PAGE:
Published Apr 18, 2010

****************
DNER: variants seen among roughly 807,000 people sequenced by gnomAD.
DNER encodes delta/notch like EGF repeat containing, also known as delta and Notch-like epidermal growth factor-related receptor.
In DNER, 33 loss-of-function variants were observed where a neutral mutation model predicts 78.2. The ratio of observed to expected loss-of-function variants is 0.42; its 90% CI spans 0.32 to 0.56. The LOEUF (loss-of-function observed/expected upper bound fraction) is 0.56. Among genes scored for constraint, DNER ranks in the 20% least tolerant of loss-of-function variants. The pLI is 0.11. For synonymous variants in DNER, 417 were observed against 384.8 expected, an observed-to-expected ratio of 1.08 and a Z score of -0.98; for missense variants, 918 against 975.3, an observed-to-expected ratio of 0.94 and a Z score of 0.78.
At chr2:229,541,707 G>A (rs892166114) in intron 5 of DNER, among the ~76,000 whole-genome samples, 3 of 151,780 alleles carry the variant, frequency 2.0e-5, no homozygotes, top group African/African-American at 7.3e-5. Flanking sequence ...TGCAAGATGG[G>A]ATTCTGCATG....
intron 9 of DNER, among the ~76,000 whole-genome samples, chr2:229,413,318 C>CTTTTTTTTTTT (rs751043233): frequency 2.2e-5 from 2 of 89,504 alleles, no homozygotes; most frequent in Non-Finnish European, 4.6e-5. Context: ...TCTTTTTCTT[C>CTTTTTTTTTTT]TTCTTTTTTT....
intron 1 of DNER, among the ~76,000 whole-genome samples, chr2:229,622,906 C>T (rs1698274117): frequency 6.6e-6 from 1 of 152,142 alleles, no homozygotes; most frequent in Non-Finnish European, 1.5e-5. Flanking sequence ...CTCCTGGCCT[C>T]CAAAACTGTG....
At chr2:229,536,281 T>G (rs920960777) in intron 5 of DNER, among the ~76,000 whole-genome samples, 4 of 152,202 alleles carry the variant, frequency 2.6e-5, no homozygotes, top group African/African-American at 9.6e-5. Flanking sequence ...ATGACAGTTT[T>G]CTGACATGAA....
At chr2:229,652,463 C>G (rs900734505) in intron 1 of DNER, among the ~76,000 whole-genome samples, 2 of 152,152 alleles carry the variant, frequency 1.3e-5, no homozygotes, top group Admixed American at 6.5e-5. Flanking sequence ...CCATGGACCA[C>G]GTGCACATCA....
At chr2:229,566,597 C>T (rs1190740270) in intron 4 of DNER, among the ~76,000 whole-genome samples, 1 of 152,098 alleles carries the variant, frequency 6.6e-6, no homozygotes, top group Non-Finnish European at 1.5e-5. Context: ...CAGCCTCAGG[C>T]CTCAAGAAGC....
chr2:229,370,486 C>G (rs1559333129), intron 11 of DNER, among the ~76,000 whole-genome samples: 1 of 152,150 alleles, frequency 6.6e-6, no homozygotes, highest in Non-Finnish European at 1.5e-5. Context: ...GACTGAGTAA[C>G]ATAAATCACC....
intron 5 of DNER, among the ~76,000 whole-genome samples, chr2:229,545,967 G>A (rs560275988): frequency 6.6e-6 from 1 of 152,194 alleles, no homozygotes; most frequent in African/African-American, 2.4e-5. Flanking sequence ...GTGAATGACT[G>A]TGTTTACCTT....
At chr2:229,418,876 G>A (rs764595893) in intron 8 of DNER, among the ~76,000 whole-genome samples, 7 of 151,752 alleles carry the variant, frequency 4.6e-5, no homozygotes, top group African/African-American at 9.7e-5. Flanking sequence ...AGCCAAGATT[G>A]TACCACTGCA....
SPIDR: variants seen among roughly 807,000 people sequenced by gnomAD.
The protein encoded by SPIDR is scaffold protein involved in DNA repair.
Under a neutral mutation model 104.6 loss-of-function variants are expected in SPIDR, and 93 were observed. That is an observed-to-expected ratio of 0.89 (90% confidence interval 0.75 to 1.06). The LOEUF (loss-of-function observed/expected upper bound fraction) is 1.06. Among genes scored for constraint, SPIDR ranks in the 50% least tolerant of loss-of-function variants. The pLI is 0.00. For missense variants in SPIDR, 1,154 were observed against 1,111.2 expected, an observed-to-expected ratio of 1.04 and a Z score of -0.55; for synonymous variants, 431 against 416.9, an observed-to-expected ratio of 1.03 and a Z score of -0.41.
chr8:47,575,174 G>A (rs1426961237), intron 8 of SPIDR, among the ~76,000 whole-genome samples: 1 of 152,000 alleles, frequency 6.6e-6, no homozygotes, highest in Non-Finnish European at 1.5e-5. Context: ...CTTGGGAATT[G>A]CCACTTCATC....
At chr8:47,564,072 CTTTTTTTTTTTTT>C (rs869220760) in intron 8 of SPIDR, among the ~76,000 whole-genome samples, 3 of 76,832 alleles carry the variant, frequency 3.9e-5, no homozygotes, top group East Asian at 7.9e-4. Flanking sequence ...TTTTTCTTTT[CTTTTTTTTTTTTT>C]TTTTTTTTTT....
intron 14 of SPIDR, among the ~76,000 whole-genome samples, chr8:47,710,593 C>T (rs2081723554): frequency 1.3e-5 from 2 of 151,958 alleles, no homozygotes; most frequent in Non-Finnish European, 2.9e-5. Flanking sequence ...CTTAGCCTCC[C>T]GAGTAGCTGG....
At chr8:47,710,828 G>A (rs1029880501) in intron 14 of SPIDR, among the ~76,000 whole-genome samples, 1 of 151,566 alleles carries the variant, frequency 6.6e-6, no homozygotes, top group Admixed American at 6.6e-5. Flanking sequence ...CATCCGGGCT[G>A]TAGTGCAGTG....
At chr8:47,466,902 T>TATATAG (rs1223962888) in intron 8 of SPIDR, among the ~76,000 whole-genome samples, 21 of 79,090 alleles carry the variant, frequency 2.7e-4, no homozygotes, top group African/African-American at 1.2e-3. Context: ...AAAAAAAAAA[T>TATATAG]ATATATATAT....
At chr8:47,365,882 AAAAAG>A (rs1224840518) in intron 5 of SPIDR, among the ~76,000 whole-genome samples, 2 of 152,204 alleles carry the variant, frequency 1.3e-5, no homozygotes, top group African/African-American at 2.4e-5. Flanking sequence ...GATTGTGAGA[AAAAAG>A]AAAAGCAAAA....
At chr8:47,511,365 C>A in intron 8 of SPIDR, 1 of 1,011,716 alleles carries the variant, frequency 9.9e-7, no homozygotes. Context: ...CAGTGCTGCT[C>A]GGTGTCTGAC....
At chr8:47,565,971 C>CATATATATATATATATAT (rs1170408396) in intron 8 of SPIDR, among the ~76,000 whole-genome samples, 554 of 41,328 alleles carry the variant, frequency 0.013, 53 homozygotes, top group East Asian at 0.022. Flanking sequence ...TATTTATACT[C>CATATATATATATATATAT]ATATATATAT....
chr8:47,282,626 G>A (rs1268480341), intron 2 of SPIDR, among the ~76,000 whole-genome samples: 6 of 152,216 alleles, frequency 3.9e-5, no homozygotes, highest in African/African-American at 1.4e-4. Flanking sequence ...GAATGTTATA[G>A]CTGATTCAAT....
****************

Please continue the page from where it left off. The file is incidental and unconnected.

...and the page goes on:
OK, now that I’m an adult — or, at least pretending to be one — I have to start making adult finance decisions. The inaugural post-marriage decision here seems to be: what car to get DJ L’il Bit.So the background is this: we both have the same philosophy in cars, that is, buy a nice used car and drive it until it dies, sputtering, by the side of the road. This is why DJ L’il Bit has been driving around in her 1995 VW Golf and me in my 1996 Lexus for a few years now. The Golf had been clearly nearing the end of its life around the time we got married, and, in fact, died sputtering by the side of the road a couple of times. That got to be too much, so now we’re in the replacement car market.Our first reflex was to buy another used car in reasonably good shape and drive it into the ground. DJ L’il Bit has long wanted a convertible, and, since we live in sunny SoCal, this seems a reasonable desire to fulfill. However, there’s a catch: based on our Life Plan, there’ll be kids on the way in something between 2-4 years. A cute 2-seat convertible won’t be too practical when we have to fit a baby seat. Plus, a 4-to-5-year-old cute convertible with 40,000 miles will be 7-9 years old with 100,000 miles when the baby comes around and we’re not sure we’d want to drive a new baby around in any car that old. So that probably means: new car ‘round baby time.Then, if we sell the cute convertible 2-4 years + many thousands of miles, well, we’re not going to make a lot back, probably.If we’re only keeping the car a few years, all of a sudden the ROI on a cash outlay to own the thing doesn’t seem very high. And that makes us think of something we’d never considered before: leasing. We’ve found a lease on a cute, brand new Mini convertible that seems to be about 3/4 the price of buying a used one with low mileage. We’d probably have to pay a penalty to get out of the lease early, but that still adds up to about the same as the cost of the used car, and that doesn’t even factor in the cost of the expected difference in reliability between the two cars.Which brings me to my question: I know that, most of the time, the smartest thing to do financially is to buy a used car and run it into the ground. But, in this case, it seems smarter to take the lease. Or, am I missing something? I know the friends I have who read this are skilled in the math department and maybe even know a few things about the world. What am I missing here?